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Stress Tolerance Variations in Saccharomyces cerevisiae Strains from Diverse Ecological Sources and Geographical Locations.

Zheng YL, Wang SA - PLoS ONE (2015)

Bottom Line: The results showed that the isolates from human-associated environments overall presented a higher level of stress tolerance compared with those from forests spared anthropogenic influences.Statistical analyses indicated that the variations of stress tolerance were significantly correlated with both ecological sources and geographical locations of the strains.This study provides guidelines for selection of robust S. cerevisiae strains for bioethanol production from nature.

View Article: PubMed Central - PubMed

Affiliation: College of Mathematics and Systems Science, Shandong University of Science and Technology, Qingdao, 266590, China.

ABSTRACT
The budding yeast Saccharomyces cerevisiae is a platform organism for bioethanol production from various feedstocks and robust strains are desirable for efficient fermentation because yeast cells inevitably encounter stressors during the process. Recently, diverse S. cerevisiae lineages were identified, which provided novel resources for understanding stress tolerance variations and related shaping factors in the yeast. This study characterized the tolerance of diverse S. cerevisiae strains to the stressors of high ethanol concentrations, temperature shocks, and osmotic stress. The results showed that the isolates from human-associated environments overall presented a higher level of stress tolerance compared with those from forests spared anthropogenic influences. Statistical analyses indicated that the variations of stress tolerance were significantly correlated with both ecological sources and geographical locations of the strains. This study provides guidelines for selection of robust S. cerevisiae strains for bioethanol production from nature.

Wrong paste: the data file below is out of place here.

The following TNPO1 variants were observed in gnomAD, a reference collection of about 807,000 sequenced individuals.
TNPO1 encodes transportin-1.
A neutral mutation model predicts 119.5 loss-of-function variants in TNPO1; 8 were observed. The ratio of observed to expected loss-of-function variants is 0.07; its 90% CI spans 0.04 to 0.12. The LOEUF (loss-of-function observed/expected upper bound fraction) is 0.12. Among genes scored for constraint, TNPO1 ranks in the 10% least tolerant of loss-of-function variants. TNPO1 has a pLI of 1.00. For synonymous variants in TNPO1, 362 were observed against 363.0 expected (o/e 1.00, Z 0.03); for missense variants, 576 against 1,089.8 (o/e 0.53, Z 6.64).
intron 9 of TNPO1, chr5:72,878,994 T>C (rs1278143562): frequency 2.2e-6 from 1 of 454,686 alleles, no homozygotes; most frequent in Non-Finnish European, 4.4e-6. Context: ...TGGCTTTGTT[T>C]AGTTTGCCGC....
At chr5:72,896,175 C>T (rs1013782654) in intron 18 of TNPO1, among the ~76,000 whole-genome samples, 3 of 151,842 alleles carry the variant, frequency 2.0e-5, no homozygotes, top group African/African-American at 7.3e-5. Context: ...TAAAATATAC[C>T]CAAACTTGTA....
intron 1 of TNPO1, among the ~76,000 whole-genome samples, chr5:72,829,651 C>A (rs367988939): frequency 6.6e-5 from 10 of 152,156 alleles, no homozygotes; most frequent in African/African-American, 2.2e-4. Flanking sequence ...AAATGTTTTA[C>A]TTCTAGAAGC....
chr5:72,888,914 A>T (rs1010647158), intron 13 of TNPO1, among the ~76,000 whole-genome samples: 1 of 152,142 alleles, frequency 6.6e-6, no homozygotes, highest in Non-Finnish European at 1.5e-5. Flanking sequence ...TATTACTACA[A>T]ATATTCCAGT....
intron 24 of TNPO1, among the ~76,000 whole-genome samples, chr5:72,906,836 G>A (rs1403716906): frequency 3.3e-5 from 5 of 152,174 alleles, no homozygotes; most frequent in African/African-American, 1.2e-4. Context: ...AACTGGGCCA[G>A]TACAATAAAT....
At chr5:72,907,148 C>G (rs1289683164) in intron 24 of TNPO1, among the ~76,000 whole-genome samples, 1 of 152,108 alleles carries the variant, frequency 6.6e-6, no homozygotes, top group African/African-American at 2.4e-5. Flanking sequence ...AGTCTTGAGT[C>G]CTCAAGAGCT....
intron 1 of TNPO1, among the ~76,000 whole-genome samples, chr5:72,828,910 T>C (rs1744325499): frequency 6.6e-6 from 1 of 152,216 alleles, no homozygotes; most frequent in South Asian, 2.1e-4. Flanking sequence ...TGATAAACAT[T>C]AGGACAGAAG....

No MeSH data available.


Related in: MedlinePlus

Stress tolerance variations in the S. cerevisiae isolates.Hierarchical clustering of phenotypes was performed using a centered Pearson correlation metric and average linkage mapping. Biomass of strains cultured for 72h in stressful conditions was used to infer stress tolerance. Locations of the isolates were also depicted. The industrial strains from multiple locations were not subdivided.